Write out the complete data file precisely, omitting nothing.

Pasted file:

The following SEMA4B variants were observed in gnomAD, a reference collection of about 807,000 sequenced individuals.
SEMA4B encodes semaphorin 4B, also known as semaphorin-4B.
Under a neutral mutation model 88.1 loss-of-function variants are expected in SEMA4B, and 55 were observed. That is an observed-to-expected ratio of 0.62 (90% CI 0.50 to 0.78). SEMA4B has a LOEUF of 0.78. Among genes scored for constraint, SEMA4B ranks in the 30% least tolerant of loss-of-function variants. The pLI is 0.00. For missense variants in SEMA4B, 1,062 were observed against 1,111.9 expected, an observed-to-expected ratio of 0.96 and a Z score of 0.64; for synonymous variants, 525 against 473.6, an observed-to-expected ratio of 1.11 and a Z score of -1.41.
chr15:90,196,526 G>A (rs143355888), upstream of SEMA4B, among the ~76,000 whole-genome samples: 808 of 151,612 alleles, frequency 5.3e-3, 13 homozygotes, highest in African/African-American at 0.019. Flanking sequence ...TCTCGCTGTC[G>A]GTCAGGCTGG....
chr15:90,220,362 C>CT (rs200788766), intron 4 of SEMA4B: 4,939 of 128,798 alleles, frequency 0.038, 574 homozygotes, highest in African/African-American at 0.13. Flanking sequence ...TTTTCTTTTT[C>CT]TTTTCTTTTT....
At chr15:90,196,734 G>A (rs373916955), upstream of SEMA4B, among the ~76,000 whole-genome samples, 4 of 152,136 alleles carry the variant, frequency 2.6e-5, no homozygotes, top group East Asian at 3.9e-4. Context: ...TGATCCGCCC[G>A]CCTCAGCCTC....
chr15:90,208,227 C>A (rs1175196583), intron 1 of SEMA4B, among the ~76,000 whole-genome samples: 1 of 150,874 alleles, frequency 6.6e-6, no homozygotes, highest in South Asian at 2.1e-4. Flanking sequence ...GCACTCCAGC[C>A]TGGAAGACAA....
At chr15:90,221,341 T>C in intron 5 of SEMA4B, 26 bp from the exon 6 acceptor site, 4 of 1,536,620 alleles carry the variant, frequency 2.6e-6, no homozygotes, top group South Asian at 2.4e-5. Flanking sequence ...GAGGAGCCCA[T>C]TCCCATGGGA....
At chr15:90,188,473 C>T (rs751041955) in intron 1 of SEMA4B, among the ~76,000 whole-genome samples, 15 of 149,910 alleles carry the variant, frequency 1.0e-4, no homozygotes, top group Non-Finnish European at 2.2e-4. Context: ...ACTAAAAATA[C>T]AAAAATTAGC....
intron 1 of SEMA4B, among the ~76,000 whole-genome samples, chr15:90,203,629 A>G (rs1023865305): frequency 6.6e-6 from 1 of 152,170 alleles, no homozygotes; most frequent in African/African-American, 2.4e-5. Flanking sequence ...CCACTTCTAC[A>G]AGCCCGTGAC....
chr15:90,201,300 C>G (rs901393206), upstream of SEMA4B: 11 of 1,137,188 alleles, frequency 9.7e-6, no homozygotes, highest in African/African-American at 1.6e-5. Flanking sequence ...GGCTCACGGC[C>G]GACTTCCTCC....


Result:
The following SEMA4B variants were observed in gnomAD, a reference collection of about 807,000 sequenced individuals.
SEMA4B encodes semaphorin 4B, also known as semaphorin-4B.
Under a neutral mutation model 88.1 loss-of-function variants are expected in SEMA4B, and 55 were observed. That is an observed-to-expected ratio of 0.62 (90% CI 0.50 to 0.78). SEMA4B has a LOEUF of 0.78. Among genes scored for constraint, SEMA4B ranks in the 30% least tolerant of loss-of-function variants. The pLI is 0.00. For missense variants in SEMA4B, 1,062 were observed against 1,111.9 expected, an observed-to-expected ratio of 0.96 and a Z score of 0.64; for synonymous variants, 525 against 473.6, an observed-to-expected ratio of 1.11 and a Z score of -1.41.
chr15:90,196,526 G>A (rs143355888), upstream of SEMA4B, among the ~76,000 whole-genome samples: 808 of 151,612 alleles, frequency 5.3e-3, 13 homozygotes, highest in African/African-American at 0.019. Flanking sequence ...TCTCGCTGTC[G>A]GTCAGGCTGG....
chr15:90,220,362 C>CT (rs200788766), intron 4 of SEMA4B: 4,939 of 128,798 alleles, frequency 0.038, 574 homozygotes, highest in African/African-American at 0.13. Flanking sequence ...TTTTCTTTTT[C>CT]TTTTCTTTTT....
At chr15:90,196,734 G>A (rs373916955), upstream of SEMA4B, among the ~76,000 whole-genome samples, 4 of 152,136 alleles carry the variant, frequency 2.6e-5, no homozygotes, top group East Asian at 3.9e-4. Context: ...TGATCCGCCC[G>A]CCTCAGCCTC....
chr15:90,208,227 C>A (rs1175196583), intron 1 of SEMA4B, among the ~76,000 whole-genome samples: 1 of 150,874 alleles, frequency 6.6e-6, no homozygotes, highest in South Asian at 2.1e-4. Flanking sequence ...GCACTCCAGC[C>A]TGGAAGACAA....
At chr15:90,221,341 T>C in intron 5 of SEMA4B, 26 bp from the exon 6 acceptor site, 4 of 1,536,620 alleles carry the variant, frequency 2.6e-6, no homozygotes, top group South Asian at 2.4e-5. Flanking sequence ...GAGGAGCCCA[T>C]TCCCATGGGA....
At chr15:90,188,473 C>T (rs751041955) in intron 1 of SEMA4B, among the ~76,000 whole-genome samples, 15 of 149,910 alleles carry the variant, frequency 1.0e-4, no homozygotes, top group Non-Finnish European at 2.2e-4. Context: ...ACTAAAAATA[C>T]AAAAATTAGC....
intron 1 of SEMA4B, among the ~76,000 whole-genome samples, chr15:90,203,629 A>G (rs1023865305): frequency 6.6e-6 from 1 of 152,170 alleles, no homozygotes; most frequent in African/African-American, 2.4e-5. Flanking sequence ...CCACTTCTAC[A>G]AGCCCGTGAC....
chr15:90,201,300 C>G (rs901393206), upstream of SEMA4B: 11 of 1,137,188 alleles, frequency 9.7e-6, no homozygotes, highest in African/African-American at 1.6e-5. Flanking sequence ...GGCTCACGGC[C>G]GACTTCCTCC....